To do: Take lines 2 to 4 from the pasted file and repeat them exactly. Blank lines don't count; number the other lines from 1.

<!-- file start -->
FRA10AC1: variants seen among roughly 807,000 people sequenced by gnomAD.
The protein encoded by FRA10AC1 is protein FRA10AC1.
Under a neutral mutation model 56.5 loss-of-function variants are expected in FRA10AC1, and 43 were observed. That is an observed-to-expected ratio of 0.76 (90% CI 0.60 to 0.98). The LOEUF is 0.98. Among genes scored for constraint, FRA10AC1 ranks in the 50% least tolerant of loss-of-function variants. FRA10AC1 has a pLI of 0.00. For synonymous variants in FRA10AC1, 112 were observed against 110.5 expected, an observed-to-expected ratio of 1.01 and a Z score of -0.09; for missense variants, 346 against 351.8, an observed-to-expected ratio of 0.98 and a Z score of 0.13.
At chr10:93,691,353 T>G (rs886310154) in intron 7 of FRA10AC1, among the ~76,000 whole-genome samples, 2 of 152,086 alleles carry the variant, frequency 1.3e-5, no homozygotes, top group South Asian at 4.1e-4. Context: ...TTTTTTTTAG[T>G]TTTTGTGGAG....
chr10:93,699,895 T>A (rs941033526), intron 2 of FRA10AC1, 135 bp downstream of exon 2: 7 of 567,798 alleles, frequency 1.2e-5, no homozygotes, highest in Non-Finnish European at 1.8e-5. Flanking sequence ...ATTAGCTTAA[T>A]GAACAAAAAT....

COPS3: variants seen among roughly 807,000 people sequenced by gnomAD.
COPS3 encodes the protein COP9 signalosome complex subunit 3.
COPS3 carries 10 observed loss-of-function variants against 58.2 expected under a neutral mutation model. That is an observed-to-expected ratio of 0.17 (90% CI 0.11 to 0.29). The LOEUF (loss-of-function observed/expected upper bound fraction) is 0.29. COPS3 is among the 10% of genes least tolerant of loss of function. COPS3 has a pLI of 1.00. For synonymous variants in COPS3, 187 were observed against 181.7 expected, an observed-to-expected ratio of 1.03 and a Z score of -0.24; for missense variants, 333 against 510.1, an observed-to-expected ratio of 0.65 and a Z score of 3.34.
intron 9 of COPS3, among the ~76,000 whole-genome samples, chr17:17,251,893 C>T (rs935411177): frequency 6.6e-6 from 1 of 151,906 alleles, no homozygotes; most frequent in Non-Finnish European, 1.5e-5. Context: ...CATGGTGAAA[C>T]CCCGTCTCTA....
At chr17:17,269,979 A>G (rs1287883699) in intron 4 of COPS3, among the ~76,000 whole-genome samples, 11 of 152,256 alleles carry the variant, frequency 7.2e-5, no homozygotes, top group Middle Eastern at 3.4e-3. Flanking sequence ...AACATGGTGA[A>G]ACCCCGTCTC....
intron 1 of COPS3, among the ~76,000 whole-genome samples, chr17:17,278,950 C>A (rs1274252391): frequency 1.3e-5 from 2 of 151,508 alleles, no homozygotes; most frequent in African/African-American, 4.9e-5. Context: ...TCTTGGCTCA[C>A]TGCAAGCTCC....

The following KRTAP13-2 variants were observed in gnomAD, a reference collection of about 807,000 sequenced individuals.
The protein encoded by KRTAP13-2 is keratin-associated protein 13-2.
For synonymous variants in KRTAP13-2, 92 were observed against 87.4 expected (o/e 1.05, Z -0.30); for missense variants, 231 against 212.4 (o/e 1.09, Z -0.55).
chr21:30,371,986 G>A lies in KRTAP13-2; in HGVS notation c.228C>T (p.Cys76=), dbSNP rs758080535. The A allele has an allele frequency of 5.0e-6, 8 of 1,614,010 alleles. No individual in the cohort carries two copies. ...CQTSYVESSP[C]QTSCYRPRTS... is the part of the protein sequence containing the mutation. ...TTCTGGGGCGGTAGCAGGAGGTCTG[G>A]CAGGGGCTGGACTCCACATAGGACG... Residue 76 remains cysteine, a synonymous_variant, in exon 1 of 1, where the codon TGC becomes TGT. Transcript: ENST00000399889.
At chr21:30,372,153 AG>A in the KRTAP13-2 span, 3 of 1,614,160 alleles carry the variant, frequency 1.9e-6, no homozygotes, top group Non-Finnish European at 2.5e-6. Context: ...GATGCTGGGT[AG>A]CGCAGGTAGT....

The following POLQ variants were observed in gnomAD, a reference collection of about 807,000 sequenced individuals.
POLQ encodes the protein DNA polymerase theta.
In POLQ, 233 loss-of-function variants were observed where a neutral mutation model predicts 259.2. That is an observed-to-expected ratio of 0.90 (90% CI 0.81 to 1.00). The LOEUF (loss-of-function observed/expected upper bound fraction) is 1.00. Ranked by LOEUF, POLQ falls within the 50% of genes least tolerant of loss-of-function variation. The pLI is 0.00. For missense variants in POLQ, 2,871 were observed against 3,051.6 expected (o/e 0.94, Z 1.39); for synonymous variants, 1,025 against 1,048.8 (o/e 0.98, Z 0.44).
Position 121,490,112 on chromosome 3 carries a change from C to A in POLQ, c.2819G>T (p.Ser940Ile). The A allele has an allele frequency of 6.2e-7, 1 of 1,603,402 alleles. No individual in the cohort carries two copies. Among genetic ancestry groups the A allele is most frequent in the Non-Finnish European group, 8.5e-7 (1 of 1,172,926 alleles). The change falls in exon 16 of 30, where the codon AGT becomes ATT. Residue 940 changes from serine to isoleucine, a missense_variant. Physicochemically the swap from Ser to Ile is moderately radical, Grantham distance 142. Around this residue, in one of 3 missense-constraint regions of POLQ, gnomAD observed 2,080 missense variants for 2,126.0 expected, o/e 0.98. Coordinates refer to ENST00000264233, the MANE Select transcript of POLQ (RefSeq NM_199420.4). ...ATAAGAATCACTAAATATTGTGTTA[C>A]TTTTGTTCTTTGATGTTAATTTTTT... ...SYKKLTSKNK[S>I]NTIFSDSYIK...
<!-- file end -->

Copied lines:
The protein encoded by FRA10AC1 is protein FRA10AC1.
Under a neutral mutation model 56.5 loss-of-function variants are expected in FRA10AC1, and 43 were observed. That is an observed-to-expected ratio of 0.76 (90% CI 0.60 to 0.98). The LOEUF is 0.98. Among genes scored for constraint, FRA10AC1 ranks in the 50% least tolerant of loss-of-function variants. FRA10AC1 has a pLI of 0.00. For synonymous variants in FRA10AC1, 112 were observed against 110.5 expected, an observed-to-expected ratio of 1.01 and a Z score of -0.09; for missense variants, 346 against 351.8, an observed-to-expected ratio of 0.98 and a Z score of 0.13.
At chr10:93,691,353 T>G (rs886310154) in intron 7 of FRA10AC1, among the ~76,000 whole-genome samples, 2 of 152,086 alleles carry the variant, frequency 1.3e-5, no homozygotes, top group South Asian at 4.1e-4. Context: ...TTTTTTTTAG[T>G]TTTTGTGGAG....